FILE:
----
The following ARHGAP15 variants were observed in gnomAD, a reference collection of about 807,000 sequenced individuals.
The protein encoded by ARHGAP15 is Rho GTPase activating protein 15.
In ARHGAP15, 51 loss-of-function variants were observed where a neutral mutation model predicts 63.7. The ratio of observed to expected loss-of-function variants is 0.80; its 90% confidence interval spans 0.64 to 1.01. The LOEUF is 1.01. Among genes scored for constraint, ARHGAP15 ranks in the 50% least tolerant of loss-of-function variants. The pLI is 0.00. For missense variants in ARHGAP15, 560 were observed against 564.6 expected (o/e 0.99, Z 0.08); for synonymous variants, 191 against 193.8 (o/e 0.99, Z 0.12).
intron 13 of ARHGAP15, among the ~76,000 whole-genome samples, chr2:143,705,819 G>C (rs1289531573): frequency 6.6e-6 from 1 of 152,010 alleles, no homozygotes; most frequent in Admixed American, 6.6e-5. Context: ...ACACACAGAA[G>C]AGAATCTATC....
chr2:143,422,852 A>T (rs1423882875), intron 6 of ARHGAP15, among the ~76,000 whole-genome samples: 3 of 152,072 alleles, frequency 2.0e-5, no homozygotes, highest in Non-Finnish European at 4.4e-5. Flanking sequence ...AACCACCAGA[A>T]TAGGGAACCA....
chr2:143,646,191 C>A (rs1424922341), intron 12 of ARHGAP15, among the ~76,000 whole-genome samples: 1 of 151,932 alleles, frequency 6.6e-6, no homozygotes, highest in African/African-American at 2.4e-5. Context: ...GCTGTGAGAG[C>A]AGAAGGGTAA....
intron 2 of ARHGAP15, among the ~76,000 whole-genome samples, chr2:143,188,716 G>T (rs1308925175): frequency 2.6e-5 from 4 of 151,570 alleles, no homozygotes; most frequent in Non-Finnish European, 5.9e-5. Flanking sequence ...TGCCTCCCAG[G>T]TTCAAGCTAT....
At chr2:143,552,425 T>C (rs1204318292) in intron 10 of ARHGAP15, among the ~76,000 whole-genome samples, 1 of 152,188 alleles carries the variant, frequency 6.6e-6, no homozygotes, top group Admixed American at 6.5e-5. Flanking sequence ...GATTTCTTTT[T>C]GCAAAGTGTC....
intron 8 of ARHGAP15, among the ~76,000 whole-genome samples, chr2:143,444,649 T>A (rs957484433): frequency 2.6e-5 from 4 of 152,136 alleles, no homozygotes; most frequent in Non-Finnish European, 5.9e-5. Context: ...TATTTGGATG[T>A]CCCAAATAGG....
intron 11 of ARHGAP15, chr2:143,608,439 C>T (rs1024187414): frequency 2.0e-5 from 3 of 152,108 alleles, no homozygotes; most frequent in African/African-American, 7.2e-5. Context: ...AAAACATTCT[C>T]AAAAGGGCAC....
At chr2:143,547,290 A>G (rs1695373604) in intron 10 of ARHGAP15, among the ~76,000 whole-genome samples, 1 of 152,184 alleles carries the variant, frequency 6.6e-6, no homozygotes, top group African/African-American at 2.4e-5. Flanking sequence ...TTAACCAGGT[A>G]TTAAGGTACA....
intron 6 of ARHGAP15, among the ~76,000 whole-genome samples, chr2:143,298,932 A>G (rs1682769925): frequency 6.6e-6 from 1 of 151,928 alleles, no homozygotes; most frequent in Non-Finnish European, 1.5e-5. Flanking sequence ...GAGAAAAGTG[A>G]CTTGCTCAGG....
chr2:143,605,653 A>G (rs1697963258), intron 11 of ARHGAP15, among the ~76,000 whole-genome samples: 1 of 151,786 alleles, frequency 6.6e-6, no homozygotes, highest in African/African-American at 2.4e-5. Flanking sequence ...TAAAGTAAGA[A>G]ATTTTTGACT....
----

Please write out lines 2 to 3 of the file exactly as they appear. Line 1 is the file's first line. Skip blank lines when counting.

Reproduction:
The protein encoded by ARHGAP15 is Rho GTPase activating protein 15.
In ARHGAP15, 51 loss-of-function variants were observed where a neutral mutation model predicts 63.7. The ratio of observed to expected loss-of-function variants is 0.80; its 90% confidence interval spans 0.64 to 1.01. The LOEUF is 1.01. Among genes scored for constraint, ARHGAP15 ranks in the 50% least tolerant of loss-of-function variants. The pLI is 0.00. For missense variants in ARHGAP15, 560 were observed against 564.6 expected (o/e 0.99, Z 0.08); for synonymous variants, 191 against 193.8 (o/e 0.99, Z 0.12).